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This page is written by the game's inventor, Ralph Betza.

Overprotection Chess

By Ralph Betza

Overprotection In Chess

Overprotection is a strategic idea introduced by the great Aron Nimzovich.

Suppose you have an important Pawn at d4, attacked by 3 enemy pieces and defended by 3 friendlies. None of the defenders dares move away, because doing so would lose d4; and so all 3 are tied down and relatively immobile.

If you add another defender, then any one of the four defenders is free to move away -- instead of 3 immobile pieces, you have 4 mobile ones!

Overprotection Chess

Each piece or Pawn, if it is attacked by at least one enemy piece or Pawn and if it is defended more times than it is attacked, gains temporary power.

A single overprotection gains the ability to move but not capture as a Wazir, Ferz, Barc, Crab, Alfil, or Dabbabah, in that order. For example, the Rook already can move as a Wazir, so instead it gains the ability to move as a Ferz; or a Queen already moves as W and as F, so instead it gains the ability to move as a Barc.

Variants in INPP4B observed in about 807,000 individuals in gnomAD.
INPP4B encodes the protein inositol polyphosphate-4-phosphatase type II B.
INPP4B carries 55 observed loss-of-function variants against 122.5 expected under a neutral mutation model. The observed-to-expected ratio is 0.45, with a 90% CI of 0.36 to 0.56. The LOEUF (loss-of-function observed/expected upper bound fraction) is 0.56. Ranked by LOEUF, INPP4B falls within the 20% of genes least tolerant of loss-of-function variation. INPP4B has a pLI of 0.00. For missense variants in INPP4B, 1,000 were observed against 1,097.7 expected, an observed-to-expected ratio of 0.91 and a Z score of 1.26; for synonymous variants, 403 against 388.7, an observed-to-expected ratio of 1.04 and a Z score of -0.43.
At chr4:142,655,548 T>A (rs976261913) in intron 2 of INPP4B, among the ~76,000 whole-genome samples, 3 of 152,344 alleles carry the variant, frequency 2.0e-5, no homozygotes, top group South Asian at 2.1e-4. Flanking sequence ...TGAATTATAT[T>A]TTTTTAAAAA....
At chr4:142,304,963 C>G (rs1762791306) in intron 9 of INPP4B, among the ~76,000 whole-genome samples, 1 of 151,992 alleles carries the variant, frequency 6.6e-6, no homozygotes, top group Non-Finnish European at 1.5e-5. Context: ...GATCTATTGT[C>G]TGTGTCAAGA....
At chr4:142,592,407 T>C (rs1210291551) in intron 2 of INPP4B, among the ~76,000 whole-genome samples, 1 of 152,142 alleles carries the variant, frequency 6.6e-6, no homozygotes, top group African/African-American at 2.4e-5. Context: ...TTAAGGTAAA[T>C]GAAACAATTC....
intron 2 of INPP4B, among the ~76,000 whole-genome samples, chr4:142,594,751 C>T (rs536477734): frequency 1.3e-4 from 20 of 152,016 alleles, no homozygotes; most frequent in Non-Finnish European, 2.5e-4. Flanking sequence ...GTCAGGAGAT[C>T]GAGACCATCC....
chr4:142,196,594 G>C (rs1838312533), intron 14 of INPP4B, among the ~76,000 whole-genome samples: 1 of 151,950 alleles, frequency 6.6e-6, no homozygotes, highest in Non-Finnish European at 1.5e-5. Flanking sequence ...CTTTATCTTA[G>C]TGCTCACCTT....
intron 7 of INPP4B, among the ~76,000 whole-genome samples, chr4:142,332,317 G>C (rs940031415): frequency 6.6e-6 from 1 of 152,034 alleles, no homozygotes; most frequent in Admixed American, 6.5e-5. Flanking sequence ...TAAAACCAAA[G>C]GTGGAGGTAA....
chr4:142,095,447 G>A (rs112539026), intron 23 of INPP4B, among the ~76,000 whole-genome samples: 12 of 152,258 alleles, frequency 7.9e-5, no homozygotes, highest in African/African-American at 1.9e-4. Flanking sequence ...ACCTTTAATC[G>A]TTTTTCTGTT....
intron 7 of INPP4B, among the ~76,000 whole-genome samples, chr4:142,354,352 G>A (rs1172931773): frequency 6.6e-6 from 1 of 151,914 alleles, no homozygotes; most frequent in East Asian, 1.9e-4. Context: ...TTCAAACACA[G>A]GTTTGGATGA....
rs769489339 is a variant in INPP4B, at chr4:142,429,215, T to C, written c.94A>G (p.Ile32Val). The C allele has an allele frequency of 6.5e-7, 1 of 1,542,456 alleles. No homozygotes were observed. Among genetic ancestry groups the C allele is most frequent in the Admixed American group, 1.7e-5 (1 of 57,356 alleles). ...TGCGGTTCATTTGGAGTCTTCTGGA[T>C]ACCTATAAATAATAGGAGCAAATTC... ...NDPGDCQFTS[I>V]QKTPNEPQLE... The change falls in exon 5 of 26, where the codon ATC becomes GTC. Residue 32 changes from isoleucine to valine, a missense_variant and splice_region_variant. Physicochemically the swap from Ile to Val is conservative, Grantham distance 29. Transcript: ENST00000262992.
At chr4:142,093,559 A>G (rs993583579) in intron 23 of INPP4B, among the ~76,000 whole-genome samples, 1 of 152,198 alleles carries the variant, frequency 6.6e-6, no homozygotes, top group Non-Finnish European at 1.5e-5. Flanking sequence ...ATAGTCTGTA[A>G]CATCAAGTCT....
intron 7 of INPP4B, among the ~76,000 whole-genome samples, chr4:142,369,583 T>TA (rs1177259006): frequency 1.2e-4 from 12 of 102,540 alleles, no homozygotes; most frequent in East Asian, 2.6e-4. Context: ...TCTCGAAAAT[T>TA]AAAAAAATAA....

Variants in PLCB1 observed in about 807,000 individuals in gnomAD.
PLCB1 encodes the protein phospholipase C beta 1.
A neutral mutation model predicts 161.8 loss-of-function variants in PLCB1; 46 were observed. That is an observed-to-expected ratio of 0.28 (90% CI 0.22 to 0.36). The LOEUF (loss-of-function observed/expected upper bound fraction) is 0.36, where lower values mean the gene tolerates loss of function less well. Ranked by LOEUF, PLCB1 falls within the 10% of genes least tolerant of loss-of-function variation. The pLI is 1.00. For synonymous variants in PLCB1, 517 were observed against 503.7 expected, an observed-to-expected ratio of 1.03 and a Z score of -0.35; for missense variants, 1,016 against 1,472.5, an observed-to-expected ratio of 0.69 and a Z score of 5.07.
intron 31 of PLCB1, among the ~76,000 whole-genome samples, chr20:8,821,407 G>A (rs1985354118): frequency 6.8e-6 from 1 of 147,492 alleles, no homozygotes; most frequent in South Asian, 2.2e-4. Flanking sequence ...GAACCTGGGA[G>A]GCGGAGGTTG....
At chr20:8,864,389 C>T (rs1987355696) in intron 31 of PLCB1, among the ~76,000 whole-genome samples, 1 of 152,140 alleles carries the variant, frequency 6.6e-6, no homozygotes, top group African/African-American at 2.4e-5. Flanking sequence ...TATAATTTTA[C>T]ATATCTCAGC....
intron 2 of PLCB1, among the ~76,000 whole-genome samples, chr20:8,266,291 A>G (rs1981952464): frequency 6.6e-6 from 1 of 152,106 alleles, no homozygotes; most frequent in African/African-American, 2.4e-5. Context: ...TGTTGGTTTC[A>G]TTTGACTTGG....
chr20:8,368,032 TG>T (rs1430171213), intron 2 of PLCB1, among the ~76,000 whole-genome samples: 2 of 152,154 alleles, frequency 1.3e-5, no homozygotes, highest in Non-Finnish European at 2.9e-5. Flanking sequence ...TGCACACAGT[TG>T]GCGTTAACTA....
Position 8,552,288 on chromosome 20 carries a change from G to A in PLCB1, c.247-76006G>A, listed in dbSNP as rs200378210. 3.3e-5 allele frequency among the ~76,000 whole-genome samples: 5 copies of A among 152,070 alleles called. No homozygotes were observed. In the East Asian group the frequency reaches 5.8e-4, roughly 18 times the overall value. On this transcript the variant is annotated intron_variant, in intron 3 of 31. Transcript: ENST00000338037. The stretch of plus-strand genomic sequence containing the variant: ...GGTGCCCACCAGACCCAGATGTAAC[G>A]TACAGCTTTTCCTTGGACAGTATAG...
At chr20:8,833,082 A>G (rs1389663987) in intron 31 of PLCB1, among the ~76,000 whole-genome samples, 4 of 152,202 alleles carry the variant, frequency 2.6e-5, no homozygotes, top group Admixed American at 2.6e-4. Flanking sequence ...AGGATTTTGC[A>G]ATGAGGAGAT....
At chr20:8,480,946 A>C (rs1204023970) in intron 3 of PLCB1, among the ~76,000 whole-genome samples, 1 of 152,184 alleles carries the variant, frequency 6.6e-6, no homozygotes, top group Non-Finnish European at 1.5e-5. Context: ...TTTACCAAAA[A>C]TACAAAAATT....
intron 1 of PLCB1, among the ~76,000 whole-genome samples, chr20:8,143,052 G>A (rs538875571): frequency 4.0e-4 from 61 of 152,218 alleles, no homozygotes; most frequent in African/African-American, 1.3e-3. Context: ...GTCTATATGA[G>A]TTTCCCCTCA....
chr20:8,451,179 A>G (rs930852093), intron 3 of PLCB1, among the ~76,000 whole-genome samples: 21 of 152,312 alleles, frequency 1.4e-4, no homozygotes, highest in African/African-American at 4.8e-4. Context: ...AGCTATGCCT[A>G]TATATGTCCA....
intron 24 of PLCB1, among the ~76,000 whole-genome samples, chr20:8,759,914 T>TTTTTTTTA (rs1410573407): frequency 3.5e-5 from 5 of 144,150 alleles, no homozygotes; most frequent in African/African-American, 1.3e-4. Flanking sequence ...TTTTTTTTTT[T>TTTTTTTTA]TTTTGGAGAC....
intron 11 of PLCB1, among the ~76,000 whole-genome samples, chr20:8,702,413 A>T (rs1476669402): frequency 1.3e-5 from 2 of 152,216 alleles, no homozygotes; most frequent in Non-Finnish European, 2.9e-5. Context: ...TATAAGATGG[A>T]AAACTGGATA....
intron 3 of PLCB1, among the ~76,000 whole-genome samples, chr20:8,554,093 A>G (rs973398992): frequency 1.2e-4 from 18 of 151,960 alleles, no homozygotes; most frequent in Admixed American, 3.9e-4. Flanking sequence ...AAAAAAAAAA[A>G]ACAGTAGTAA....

Two overprotections gain the ability to both move and capture as the first available of W, F, Barc, Crab, A, or D.

Three overprotections allow the heavily-defended piece to move as the second available thing from the list (in addition to moving and capturing as the first), and four let it move and capture as the second.

And so on...

When calculating overprotection, do not count attacks and defends added by overprotection, only those resulting from the pieces' base movement. Otherwise, you can get into all sorts of trouble, such as endless loops.

The added power is temporary and dynamic. Moving off the overprotected square loses the extra power, but landing on an overprotected square immediately gains power. Therefore you can destroy your opponent's overprotection by moving your attacker away.

Pawns may not gain as much as other pieces, because they already have part of the powers of W and F.

Notice that a piece which is defended many times, but not attacked at all, gains no power. Therefore, the King can gain power only when he is in check! And therefore, it is possible to imagine a position where checkmating your opponent also checkmates you! (It would be an illegal move.) How? If the enemy K is defended several times (but of course not attacked) so that when you attack the enemy K it becomes overprotected and gives check to your nearby King.

Written by Ralph Betza.
WWW page created: April 8, 2002.